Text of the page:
Pre-1992 will be a 4 speed and post-1992 will be a 5 speed. Personally, I prefer the 4 speed since the final drive ratio in top gear is the same... so your highway RPMs are the same with a 4 or 5 speed. It has plenty of torque, so I prefer the less shifting and simpler tranny mechanics of the 4 speed. Its bullet proof.

Its a Harley, so cheap parts are everywhere. It only has one carb, which hangs off the side for easy access. It also has hydraulic lifters, so younever have to adjusta valve. Older ones are chain drive, which I prefer, and easy to maintain.

They have very reliable alternators, solid state regulators, and electrinic ignitions that last forever. Did I mention how cheap and easy parts are to get? I have seen centerstand kits for the Evo Sportster, but the factory only offered a centerstand on sportsters from 1957-1978.

The early Evo sportsters are as simple, bullet proof, and easy to maintain as it gets. Plus, they are a ton of fun.

Get some taller shocks and knobby tires and they do ok off road too!

.
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Old 02-12-2013, 05:55 PM   #51
Rango
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It has not been mentioned yet (unless I missed it). You wished for a good exhaust note...
Perhaps the most important requirement. When the heart is happy, life is easy.

The sound of a Guzzi V50 is heavenly. It would keep your ticker ticking.
Sad to hear they are rare over there, perhaps have a look at one of the local guzzisti fora?
Enjoy the hunt
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Old 02-12-2013, 06:43 PM   #52
PhilB
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No one has yet mentioned an early Ducati Monster. An M900 or M750 would fit your requirements very well, except for lack of centerstand.

PhilB
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1993 Ducati M900 Monster "Patina" (233,000 miles, so far) -- 1995 Ducati M900 (wife's bike) -- 1972 Honda CB450 (daughter's bike) -- 1979 Vespa P200 (daughter's scoot) -- 1967 Alfa Romeo GT Jr. (1300cc) -- 1964 Vespa GS160 (160cc 2-stroke) -- 1962 Maicoletta scooter (275cc 2-stroke) -- 1960 Heinkel Tourist 103A1 scooter "Elroy" (175cc 4-stroke)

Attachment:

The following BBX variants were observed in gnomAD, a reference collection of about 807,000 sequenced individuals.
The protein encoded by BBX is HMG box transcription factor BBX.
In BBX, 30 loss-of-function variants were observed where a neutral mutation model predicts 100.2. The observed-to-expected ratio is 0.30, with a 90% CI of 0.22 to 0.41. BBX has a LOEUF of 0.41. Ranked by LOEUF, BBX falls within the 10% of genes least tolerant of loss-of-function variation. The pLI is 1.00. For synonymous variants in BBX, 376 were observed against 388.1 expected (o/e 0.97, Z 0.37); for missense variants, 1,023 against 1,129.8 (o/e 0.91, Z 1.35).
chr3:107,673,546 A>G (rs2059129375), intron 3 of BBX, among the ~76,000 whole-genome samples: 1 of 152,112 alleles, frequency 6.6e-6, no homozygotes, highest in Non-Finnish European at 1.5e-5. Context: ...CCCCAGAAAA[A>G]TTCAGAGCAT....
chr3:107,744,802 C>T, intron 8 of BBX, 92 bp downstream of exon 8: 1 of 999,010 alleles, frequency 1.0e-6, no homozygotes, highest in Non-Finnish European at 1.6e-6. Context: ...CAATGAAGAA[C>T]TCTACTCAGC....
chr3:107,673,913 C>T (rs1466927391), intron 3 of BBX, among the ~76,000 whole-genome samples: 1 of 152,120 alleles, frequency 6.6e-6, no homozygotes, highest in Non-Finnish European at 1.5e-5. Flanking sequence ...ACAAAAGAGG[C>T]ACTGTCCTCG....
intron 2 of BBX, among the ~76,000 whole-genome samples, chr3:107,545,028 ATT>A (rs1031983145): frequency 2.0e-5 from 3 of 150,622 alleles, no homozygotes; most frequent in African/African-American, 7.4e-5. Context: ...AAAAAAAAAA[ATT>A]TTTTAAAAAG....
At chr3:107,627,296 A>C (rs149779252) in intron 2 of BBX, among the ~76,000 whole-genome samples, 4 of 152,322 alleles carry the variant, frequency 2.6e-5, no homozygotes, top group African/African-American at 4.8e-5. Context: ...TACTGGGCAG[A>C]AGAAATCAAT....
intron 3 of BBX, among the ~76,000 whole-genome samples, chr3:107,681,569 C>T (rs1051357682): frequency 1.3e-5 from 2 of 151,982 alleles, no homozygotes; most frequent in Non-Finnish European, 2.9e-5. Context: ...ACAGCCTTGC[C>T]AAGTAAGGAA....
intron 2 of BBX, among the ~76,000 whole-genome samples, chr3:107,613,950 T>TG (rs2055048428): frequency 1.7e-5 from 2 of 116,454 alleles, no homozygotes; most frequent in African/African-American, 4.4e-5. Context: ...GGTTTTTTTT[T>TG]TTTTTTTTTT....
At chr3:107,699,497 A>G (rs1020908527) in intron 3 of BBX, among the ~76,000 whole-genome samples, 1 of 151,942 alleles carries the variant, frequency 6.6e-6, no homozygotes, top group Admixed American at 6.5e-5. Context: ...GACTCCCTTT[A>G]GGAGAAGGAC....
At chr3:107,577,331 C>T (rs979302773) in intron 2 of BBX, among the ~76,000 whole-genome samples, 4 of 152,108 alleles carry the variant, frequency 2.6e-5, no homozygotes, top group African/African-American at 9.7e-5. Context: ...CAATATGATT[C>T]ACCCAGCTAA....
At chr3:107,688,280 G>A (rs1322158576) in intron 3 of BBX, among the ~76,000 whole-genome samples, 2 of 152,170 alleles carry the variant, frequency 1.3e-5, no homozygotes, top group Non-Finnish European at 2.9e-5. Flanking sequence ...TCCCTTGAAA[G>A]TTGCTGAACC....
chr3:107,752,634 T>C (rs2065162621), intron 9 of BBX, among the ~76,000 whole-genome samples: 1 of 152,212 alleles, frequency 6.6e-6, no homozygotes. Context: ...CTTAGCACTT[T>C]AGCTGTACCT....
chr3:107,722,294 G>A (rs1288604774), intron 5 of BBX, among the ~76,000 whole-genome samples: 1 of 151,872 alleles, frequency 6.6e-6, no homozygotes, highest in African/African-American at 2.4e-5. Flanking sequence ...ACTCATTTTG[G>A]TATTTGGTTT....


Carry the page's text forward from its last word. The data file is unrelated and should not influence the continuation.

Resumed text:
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Old 02-13-2013, 08:50 AM   #53
sjc56
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Buell, most grins for the dollar!
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Old 02-14-2013, 09:06 AM   #54
jordan325ic OP
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Do M750s and Buell's (aside from the Blast) get 50+mpg ? Seems like those psuedo-sportsbike thingies wouldn't do very good on the MPG.

But man, those are some beautiful bikes. The Ducati anyway.... the Buell's look a bit weird but I love the quirkiness. Too bad it would be impossible for either to have a centerstand...




If I were looking for a sportsbike a tube-frame Buell or a carbed Ducati would be top of the list. As an all-rounder standard with a centerstand and easily-accessible mechanicals... they're a little bit off base. But I like the suggestions anyway.
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Old 02-14-2013, 04:01 PM   #55
Rango
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Aprilia Pegaso 650?
Rotax engine, 40hp at the rear, 115mph top.

And if you like it adventurous, Starck made a exuberant special version of the Pegaso.


Always heard good comments.
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Old 02-14-2013, 05:30 PM   #56
PhilB
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Quote:
Originally Posted by jordan325ic View Post
Do M750s and Buell's (aside from the Blast) get 50+mpg ? Seems like those psuedo-sportsbike thingies wouldn't do very good on the MPG.

But man, those are some beautiful bikes. The Ducati anyway.... the Buell's look a bit weird but I love the quirkiness. Too bad it would be impossible for either to have a centerstand...